In this third and final blog of our series on social media promotion we are looking at use of content posted by others, particularly in the context of “linking” and “framing.”

“Linking” is a well-known method of providing an Internet user with the ability to jump from one site or page to another via hyperlink.  The link may redirect the user to content posted by others with no connection to the host site.  “Framing” is similar to linking but the user views the third-party content in a window or “frame” on the host site.  This distinction may be significant because without redirection the user may be unaware that the framed content is being generated by a third party.

There are a number of legal issues that may be implicated by linking and framing, including contract, trademark and copyright law.  Many social media providers include terms of use that place restrictions on the use of content available through their service.  Linking or framing may violate those restrictions, which could lead to account deactivation and the like.  Deactivation can be a significant problem for commercial users who use those sites for promotion and customer interaction.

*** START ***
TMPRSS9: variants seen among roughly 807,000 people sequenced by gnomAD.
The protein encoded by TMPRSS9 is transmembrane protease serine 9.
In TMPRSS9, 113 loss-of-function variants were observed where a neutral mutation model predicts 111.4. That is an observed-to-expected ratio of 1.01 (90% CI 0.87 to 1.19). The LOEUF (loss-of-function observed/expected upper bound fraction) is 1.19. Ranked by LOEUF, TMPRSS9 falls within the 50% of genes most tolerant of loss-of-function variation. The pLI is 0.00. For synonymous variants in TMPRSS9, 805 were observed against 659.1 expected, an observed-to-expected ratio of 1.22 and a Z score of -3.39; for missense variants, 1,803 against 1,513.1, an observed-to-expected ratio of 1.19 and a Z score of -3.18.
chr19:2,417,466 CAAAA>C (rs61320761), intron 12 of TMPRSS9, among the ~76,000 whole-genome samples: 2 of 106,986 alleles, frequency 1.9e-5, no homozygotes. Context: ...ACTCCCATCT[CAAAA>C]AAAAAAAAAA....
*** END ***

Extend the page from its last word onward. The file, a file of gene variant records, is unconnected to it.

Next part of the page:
Continue Reading Social Media Promotion: Dos and Don’ts with Content Posted by Others

Can a company use its competitor’s trademark as a “keyword” in advertising it purchases on popular search engines like “Google” and “Bing”? The answer is evolving with consumers’ – and the courts’ – sophistication in Internet use and practices and, according to at least one recent appellate decision, depends on the context in which the